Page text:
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Lew renews Myer attack at Premier AGM

Solomon Lew has launched another broadside at Myer during his chairman’s address at Premier Investment’s AGM, saying he will use all options at his disposal to eject the board and provide the struggling department chain with the circuit-breaker it needs.

The billionaire investor, who is Myer’s largest shareholder with a 10.77 per cent stake, has consistently called for investors to rise up against a board that has overseen plunging sales and a falling share price.

“I see the removal of the current Myer board as the crucial circuit-breaker the company needs,” Lew told shareholders at Premier’s AGM.

“No-one can have any confidence in the current Myer board, which has handed the keys to the company over to the banks after running it into the ground.”

Premier, together with other Myer shareholders, last year delivered a first strike on remuneration, meaning a repeat at Myer’s annual general meeting on Friday would trigger an automatic board spill.

Lew said told Premier shareholders on Thursday he had hoped the Myer board “would have seen the writing on the wall” after a full-year loss of $486 million and resigned in favour of a new independent board.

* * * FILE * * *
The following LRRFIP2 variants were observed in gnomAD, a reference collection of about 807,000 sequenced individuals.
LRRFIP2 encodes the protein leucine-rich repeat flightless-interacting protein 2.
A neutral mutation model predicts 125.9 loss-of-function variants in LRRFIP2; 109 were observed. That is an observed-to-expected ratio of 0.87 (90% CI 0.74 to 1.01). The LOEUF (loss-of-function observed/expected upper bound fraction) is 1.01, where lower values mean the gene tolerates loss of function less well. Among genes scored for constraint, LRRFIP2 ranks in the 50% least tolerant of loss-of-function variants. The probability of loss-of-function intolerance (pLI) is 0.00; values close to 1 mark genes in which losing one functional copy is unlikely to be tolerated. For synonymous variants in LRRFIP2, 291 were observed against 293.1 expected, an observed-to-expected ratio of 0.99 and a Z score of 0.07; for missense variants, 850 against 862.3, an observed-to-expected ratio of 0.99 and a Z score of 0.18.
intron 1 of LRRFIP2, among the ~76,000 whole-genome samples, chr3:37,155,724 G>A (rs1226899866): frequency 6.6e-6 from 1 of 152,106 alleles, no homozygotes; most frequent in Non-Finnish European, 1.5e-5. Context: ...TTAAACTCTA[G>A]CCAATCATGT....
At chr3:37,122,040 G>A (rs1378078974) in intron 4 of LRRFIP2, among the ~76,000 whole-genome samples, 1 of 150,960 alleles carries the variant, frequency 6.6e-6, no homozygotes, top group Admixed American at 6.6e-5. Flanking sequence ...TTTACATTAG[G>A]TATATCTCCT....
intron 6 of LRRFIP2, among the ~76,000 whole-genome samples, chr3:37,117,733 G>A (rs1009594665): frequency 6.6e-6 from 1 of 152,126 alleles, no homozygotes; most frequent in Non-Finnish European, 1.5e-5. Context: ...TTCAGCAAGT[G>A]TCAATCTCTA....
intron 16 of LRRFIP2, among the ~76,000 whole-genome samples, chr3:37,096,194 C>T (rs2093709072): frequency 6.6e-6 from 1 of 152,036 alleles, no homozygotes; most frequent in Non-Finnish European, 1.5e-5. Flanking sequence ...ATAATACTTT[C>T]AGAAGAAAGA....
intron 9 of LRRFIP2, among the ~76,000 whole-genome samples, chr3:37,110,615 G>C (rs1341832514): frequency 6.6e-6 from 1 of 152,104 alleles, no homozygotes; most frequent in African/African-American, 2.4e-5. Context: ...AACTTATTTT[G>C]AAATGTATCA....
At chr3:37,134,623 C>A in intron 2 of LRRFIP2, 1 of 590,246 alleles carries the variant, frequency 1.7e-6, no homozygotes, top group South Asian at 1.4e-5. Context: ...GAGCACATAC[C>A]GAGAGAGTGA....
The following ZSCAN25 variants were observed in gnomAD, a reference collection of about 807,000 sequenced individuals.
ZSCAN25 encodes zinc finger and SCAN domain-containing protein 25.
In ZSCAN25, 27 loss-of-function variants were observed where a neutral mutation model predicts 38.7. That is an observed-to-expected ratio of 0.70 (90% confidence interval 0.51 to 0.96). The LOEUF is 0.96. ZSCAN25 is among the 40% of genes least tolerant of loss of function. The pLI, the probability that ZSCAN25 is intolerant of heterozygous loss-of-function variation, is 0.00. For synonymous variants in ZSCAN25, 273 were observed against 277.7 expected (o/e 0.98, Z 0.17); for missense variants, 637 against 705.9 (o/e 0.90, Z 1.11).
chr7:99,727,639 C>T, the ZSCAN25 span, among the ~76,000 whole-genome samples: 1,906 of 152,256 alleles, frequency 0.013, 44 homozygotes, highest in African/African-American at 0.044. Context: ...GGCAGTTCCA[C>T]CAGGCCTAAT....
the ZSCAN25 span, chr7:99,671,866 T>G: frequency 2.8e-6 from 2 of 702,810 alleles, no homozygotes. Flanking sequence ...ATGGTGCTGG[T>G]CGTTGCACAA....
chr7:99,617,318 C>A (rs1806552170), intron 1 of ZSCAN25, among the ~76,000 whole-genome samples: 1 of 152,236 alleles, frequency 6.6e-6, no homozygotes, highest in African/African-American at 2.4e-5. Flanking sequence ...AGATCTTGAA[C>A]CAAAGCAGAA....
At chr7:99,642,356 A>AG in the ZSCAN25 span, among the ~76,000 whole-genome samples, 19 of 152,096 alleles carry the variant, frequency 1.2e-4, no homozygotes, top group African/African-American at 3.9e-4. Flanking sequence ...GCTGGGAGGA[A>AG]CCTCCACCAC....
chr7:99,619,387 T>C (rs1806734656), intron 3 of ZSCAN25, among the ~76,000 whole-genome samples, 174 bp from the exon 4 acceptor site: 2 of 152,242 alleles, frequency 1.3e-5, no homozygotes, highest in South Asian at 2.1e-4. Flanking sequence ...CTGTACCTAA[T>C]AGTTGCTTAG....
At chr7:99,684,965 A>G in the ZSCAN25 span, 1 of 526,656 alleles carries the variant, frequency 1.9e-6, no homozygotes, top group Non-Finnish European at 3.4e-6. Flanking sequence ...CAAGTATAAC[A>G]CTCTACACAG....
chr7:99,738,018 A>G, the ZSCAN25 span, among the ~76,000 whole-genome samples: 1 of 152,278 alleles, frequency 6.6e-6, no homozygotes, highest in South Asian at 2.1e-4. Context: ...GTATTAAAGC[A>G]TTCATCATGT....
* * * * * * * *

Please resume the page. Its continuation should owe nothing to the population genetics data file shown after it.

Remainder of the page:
“We have long been calling for the Myer board to be replaced with a new independent board with the requisite skills to actually deliver for shareholders – the most important skill being retail experience,” Lew said.

“We continue to use all of the options at our disposal to ensure the protection of our investment and have been urging our fellow long-suffering Myer shareholders to take action.”

Lew said he had held positive discussions with Myer chief executive John King in recent weeks and believed he was not to blame for the department chain’s woes.

“John King and his team may be decent jockeys, but the problem is with the trainer: the failed Myer Board,” Lew said.

“That is why I am announcing today that Premier is voting in favour of John King’s options being granted to him during tomorrow’s AGM.

“It is consistent with our approach that the Board is the issue, not the CEO.”

Myer has labelled Lew’s campaign against it “grossly misleading and inflammatory” and suggested he is trying to gain control of the company without paying the premium a takeover offer would require.

In September, Premier Investments said its full-year profit had slumped more than 20 per cent to $83.64 million, after it declared $30 million impairments on its casual wear group, including Just Jeans, Dotti, and Jay Jays.

Regardless, the company easily avoided a first strike against its own remuneration report.

Lew on Thursday said Premier would close three unprofitable stores on South Yarra’s Chapel Street due to landlords’ “unrealistic expectations and inability to understand the changing market structure”.

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